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Board to tackle zoning changes, wind turbines 

Credit:  By DANIELLE CURTIS, Foster's Daily Democrat, www.fosters.com 31 December 2011 ~~

FARMINGTON— The Planning Board will meet Tuesday to hold three public hearings regarding proposed changes and additions to the town’s zoning ordinances.

One of the proposed changes includes adding a section to the ordinance regarding small wind turbines.

The Planning Board has been looking into creating such an ordinance for several years now, according to board Chair Paul Parker, saying that having a town ordinance in place for the creation and permitting of small wind turbines makes it easier for those in the community to install them.

If a community does not have such an ordinance, the state takes over and can make the process more difficult, Parker said recently.

After hearing from the state Office of Energy and Planning in October, the board worked at multiple meetings to create the draft ordinance that will be presented at the public hearing Tuesday.

The proposed ordinance applies to wind turbines that have an energy-producing capacity of 100 kilowatts or less and that will be used primarily for on-site energy consumption.

According to the ordinance, small wind turbines will be permitted in all zoning districts as long as the requirements of the ordinance are met. The systems cannot exceed 30 feet above the average tree line closest to it.

For a system that is less than or equal to 20 kilowatts, the turbine must be setback from other structures at 110 percent of the system’s height. For units that are 21 to 100 kilowatts, the setback must be 150 percent of the system’s height.

According to Parker, this aspect of the ordinance is one key difference from the state’s requirements, which do not differentiate between smaller systems and larger systems in terms of setback distances.

“In some areas this may make it possible for someone to have one in an area they may not have been able to (under state requirements),” Parker said.

The ordinance also sets limits on the amount of sound a wind turbine is allowed to produce, setting that level at 55 decibels. The ordinance also limits any signs, flags, or decorative items on wind turbines in the town to manufacturer identification or warning signs only.

According to the proposed ordinance, all abutters of the property where the turbine is being built will be notified and be given a 30-day comment period before the system is approved. Each application for a small wind energy system will also be reviewed to determine if it will have a regional impact. If so, the Strafford Regional Planning Commission and affected towns will also be notified. All notification fees will be covered by the applicant.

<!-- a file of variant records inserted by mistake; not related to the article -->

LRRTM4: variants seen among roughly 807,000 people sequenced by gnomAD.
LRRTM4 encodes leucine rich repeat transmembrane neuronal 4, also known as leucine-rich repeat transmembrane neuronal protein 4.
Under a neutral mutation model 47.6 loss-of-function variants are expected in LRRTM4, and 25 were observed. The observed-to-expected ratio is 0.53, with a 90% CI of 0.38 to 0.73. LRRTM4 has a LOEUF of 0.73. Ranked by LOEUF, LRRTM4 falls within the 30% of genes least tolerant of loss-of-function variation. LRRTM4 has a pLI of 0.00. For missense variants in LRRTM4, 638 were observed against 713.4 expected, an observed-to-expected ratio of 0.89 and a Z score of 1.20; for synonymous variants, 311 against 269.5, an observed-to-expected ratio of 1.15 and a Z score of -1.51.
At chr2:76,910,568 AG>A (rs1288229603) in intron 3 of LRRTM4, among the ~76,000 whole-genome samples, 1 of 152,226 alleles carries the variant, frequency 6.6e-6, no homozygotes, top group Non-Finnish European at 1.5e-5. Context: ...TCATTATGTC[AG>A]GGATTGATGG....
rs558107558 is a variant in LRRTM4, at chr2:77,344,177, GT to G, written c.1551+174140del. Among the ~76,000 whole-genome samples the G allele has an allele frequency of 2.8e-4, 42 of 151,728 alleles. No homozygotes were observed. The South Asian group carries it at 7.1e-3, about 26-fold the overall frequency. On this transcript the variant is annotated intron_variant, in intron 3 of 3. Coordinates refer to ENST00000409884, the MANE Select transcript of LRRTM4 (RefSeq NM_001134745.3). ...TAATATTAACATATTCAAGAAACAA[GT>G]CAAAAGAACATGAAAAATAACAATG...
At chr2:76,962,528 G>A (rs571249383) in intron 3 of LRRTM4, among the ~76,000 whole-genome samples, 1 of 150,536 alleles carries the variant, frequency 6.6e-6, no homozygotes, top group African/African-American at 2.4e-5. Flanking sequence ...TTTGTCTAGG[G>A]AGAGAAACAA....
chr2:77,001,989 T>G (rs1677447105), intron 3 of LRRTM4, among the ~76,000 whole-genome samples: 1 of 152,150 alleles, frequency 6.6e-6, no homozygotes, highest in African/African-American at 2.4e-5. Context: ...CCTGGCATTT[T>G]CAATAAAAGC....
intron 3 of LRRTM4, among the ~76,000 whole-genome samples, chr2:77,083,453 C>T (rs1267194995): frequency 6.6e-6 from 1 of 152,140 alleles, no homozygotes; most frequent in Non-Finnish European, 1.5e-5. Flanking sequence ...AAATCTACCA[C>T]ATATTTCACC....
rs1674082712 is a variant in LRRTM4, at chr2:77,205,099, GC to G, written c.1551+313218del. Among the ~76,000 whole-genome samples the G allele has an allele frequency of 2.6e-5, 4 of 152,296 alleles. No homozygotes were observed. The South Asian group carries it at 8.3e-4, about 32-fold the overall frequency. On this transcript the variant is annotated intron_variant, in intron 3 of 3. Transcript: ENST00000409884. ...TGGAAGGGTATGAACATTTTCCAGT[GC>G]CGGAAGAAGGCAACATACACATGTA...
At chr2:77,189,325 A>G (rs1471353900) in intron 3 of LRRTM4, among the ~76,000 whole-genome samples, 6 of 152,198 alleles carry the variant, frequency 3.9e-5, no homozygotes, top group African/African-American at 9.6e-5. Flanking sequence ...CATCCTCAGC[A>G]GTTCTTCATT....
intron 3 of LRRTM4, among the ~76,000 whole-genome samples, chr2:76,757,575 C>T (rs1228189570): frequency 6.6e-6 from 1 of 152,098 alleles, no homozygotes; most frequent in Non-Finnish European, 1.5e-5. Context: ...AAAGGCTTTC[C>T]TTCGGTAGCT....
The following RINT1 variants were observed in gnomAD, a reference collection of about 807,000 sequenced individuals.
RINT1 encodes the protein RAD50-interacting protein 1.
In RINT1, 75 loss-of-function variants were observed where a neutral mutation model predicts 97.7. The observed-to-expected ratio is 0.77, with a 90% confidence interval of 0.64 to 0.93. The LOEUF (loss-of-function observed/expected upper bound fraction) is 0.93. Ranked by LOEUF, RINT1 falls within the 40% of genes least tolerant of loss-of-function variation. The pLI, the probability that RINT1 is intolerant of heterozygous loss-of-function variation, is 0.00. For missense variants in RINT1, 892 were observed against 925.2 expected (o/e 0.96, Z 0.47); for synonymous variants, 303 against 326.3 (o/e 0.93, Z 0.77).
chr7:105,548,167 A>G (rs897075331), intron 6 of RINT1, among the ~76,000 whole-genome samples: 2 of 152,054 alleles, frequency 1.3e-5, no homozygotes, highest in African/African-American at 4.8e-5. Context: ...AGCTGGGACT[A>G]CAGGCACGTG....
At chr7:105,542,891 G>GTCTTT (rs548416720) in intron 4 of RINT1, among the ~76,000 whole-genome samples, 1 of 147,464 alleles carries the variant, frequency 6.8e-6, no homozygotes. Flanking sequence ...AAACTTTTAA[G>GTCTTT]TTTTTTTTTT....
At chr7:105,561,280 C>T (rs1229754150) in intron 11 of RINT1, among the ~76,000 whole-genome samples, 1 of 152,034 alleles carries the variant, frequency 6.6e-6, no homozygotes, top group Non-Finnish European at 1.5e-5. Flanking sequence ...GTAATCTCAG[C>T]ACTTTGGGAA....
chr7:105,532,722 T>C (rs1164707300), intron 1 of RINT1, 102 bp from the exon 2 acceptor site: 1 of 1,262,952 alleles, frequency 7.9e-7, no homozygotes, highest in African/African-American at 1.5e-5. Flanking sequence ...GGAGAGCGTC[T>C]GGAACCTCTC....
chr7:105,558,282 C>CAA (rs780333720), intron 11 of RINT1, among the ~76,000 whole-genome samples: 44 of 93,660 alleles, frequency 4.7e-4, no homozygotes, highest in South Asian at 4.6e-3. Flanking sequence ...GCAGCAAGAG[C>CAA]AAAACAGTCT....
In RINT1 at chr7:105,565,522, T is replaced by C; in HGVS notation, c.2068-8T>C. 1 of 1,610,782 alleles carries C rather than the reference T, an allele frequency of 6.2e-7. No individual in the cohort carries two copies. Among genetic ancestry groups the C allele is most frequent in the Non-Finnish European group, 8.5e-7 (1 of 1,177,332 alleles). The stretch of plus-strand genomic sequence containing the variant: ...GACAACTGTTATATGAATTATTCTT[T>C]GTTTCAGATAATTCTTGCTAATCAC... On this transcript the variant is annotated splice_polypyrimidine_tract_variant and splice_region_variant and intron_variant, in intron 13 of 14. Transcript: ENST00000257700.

Parker said Wednesday that while it remains to be seen what the public thinks about the ordinances, he is very pleased with it.

“I think it’s a good compromise and I think we achieved our objective, which was to develop something simple, easy to read, and that tried to make the process a little simpler,” he said. “I think it will serve the town well.”

The ordinance will be discussed at two separate public hearings, the first one being Tuesday, and will then, if there are no changes made, will be passed on to the town meeting in March.

If changes need to be made, there will be a third public hearing before the ordinance goes to town meeting.

Tuesday’s public hearing will begin at 6:30 p.m. at the town offices, located at 356 Main St.

There will also be hearings held regarding making changes to the boundary of the Commercial Business District from Tappan Street to the New Durham line, creating a Lancelot Shores Overlay District, and adding a Housing Maintenance and Occupancy Code to establish basic requirements for property maintenance.

For more information on these proposed ordinances and changes, visit the Farmington town website at www.farmington.nh.us.

Source:  By DANIELLE CURTIS, Foster's Daily Democrat, www.fosters.com 31 December 2011

This article is the work of the source indicated. Any opinions expressed in it are not necessarily those of National Wind Watch.

The copyright of this article resides with the author or publisher indicated. As part of its noncommercial educational effort to present the environmental, social, scientific, and economic issues of large-scale wind power development to a global audience seeking such information, National Wind Watch endeavors to observe “fair use” as provided for in section 107 of U.S. Copyright Law and similar “fair dealing” provisions of the copyright laws of other nations. Send requests to excerpt, general inquiries, and comments via e-mail.

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